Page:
Surprise, surprise, surprise … Wow, that was quick … the Democrat math is already being revised!!! Gee, look what happens when you try and rush to a conclusion to meet some artificial time limit so that Obama and his fellow Democrats could save face at the expense of “We the People.”
The Gateway Pundit reminds us that all this is possible and a 60 vote partisan Democrat vote ramming through health care thanks to the the buy off of Ben Nelson, that man of principle.
Nebraska will receive $100 million in assistance for its state Medicaid program under provisions in the Senate’s healthcare reform bill negotiated by Sen. Ben Nelson (D).
The Congressional Budget Office (CBO) informed lawmakers on Sunday night that the section of the manager’s amendment to the Senate’s health bill would cost $1.2 billion over 10 years. [the Cornhusker Kickback]
Michelle Malkin’s comments are frightening and should make every one stop and take pause. The fact of the matter is no one knows what this will cost America and it appears that Obama, Reid, Pelosi and the rest of the partisan Democrats in the House and Senate could care less.
The full CBO correction is here and it underscores how dismal the government’s record is in projecting the true costs of massive entitlement programs.
CBO revises cost of Obamacare saying it would reduce deficits slightly less than they’d predicted. The real question is, does any one know what the real cost of this overhaul of health care will cost?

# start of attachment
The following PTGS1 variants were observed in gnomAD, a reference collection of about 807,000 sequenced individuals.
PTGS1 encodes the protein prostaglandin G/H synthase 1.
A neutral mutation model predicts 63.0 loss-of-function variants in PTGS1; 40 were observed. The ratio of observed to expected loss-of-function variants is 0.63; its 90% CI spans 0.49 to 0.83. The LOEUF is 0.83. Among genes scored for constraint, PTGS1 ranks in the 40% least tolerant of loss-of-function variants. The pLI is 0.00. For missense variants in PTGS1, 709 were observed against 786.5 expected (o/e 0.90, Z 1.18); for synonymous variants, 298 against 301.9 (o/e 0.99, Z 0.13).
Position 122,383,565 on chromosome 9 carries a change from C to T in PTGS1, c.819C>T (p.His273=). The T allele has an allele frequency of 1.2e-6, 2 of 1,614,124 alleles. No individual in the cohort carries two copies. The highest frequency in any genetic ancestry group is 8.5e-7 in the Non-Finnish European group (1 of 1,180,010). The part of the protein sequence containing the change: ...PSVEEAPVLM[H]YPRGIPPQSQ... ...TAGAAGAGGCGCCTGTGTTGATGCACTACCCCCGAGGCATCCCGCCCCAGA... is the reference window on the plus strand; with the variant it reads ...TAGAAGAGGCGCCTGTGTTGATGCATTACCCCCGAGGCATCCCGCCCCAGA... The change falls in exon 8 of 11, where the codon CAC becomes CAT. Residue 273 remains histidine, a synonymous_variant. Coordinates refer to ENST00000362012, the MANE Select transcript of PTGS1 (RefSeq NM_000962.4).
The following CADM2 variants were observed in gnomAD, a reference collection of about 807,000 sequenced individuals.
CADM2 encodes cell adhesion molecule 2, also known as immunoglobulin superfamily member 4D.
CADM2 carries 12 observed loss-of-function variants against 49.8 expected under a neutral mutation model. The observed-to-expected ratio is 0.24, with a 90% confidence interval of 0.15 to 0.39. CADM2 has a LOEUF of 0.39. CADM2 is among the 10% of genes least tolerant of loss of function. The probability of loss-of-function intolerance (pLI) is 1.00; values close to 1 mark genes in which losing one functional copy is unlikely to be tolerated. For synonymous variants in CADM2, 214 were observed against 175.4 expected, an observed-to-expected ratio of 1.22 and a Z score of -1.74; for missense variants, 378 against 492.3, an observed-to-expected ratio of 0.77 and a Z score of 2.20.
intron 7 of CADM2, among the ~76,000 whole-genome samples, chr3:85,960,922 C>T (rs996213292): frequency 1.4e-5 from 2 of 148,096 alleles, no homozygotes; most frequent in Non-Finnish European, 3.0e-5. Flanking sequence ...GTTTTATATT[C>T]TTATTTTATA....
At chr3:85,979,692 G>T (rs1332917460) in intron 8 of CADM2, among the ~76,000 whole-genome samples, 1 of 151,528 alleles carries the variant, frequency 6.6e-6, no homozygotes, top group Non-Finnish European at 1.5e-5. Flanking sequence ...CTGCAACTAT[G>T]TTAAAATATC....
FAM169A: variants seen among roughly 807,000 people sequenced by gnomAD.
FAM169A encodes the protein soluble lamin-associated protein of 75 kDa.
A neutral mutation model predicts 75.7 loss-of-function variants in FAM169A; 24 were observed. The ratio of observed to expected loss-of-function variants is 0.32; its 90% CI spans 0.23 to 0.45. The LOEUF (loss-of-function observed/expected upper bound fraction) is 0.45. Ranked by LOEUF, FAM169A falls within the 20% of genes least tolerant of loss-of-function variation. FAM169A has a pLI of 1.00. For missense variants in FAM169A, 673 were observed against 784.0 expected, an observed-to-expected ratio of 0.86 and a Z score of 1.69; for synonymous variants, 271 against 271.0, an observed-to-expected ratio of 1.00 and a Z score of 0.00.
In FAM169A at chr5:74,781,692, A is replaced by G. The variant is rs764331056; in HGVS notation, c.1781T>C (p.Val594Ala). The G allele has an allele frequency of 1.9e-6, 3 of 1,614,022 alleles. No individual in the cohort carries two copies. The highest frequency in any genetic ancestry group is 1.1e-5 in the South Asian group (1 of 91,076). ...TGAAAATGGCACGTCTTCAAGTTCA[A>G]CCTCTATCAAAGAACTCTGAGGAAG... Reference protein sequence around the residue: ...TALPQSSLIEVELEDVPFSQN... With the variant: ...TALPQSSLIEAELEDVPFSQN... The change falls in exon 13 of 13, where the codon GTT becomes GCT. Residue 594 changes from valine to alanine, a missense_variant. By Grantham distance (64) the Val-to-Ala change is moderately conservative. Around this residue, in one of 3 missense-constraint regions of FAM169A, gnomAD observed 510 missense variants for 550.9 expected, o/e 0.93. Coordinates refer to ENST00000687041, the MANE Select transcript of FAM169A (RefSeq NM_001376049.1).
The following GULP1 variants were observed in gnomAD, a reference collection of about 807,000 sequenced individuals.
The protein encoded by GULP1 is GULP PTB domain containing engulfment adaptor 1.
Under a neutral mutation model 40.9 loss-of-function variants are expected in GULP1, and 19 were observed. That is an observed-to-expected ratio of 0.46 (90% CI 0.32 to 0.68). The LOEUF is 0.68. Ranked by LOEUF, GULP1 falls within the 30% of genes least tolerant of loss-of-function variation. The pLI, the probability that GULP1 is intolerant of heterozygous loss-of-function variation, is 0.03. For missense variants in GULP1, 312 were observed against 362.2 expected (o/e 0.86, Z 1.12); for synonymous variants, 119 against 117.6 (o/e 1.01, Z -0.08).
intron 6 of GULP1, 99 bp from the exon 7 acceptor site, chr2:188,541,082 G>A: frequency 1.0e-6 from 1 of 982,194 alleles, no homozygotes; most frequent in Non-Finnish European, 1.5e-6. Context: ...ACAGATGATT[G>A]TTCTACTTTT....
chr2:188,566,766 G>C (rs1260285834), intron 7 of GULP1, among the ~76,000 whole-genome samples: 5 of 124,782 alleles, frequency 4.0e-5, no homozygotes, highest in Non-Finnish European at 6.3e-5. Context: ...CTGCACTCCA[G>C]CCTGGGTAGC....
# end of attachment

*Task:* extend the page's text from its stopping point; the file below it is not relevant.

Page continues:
CBO only provides numbers if the data provided to them is followed to the “T”. Do we really think that doctors are going to take a 21% decrease in reimbursement? Do we think that Congress has the will to touch the third rail and cut senior Medicare money by $500 billion? If these do not take place, imagine what the cost would be then?
In a letter to Senate Majority Leader Harry Reid (D-Nev.), CBO Director Douglas Elmendorf said that the nonpartisan budget office had overestimated the extent to which the legislation’s new Independent Payment Advisory Board would bring down the deficit.
While the CBO’s estimates of the board’s and overall bill’s impact in its first 10 years of the legislation are correct, Elmendorf wrote, the program’s effects on deficit reduction during the second decade of the program were overestimated.
“CBO expects that the legislation, if enacted, would reduce federal budget deficits over the decade after 2019 relative to those projected under current law—with a total effect during that decade that is in a broad range between one-quarter percent and one-half percent of GDP,” Elmendorf said. “In comparison, the extrapolations in the initial estimate implied a reduction in deficits in the 2020–2029 period that would be in a broad range around one-half percent of GDP.”